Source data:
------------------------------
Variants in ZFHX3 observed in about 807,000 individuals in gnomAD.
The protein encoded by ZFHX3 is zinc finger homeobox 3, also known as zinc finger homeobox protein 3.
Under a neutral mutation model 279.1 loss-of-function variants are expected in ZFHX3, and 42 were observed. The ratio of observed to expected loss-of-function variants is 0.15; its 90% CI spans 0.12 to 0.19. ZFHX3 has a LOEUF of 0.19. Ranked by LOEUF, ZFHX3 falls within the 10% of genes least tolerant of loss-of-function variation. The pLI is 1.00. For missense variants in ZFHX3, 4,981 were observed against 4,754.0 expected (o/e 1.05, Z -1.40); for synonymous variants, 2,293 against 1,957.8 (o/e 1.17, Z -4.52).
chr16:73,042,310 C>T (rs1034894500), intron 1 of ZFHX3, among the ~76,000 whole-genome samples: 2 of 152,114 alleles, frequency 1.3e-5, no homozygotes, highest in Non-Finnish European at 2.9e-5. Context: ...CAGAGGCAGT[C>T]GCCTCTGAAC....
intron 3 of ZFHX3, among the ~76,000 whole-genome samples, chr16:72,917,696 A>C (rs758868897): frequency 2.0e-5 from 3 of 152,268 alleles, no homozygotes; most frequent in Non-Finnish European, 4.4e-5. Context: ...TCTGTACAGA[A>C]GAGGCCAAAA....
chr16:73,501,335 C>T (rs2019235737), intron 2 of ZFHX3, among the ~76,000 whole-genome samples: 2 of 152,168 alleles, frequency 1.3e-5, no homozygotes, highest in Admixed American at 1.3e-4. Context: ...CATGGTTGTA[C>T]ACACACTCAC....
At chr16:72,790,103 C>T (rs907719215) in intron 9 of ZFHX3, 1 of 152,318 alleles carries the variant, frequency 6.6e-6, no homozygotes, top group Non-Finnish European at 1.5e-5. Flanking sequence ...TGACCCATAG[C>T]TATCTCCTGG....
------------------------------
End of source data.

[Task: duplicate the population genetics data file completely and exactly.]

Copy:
Variants in ZFHX3 observed in about 807,000 individuals in gnomAD.
The protein encoded by ZFHX3 is zinc finger homeobox 3, also known as zinc finger homeobox protein 3.
Under a neutral mutation model 279.1 loss-of-function variants are expected in ZFHX3, and 42 were observed. The ratio of observed to expected loss-of-function variants is 0.15; its 90% CI spans 0.12 to 0.19. ZFHX3 has a LOEUF of 0.19. Ranked by LOEUF, ZFHX3 falls within the 10% of genes least tolerant of loss-of-function variation. The pLI is 1.00. For missense variants in ZFHX3, 4,981 were observed against 4,754.0 expected (o/e 1.05, Z -1.40); for synonymous variants, 2,293 against 1,957.8 (o/e 1.17, Z -4.52).
chr16:73,042,310 C>T (rs1034894500), intron 1 of ZFHX3, among the ~76,000 whole-genome samples: 2 of 152,114 alleles, frequency 1.3e-5, no homozygotes, highest in Non-Finnish European at 2.9e-5. Context: ...CAGAGGCAGT[C>T]GCCTCTGAAC....
intron 3 of ZFHX3, among the ~76,000 whole-genome samples, chr16:72,917,696 A>C (rs758868897): frequency 2.0e-5 from 3 of 152,268 alleles, no homozygotes; most frequent in Non-Finnish European, 4.4e-5. Context: ...TCTGTACAGA[A>C]GAGGCCAAAA....
chr16:73,501,335 C>T (rs2019235737), intron 2 of ZFHX3, among the ~76,000 whole-genome samples: 2 of 152,168 alleles, frequency 1.3e-5, no homozygotes, highest in Admixed American at 1.3e-4. Context: ...CATGGTTGTA[C>T]ACACACTCAC....
At chr16:72,790,103 C>T (rs907719215) in intron 9 of ZFHX3, 1 of 152,318 alleles carries the variant, frequency 6.6e-6, no homozygotes, top group Non-Finnish European at 1.5e-5. Flanking sequence ...TGACCCATAG[C>T]TATCTCCTGG....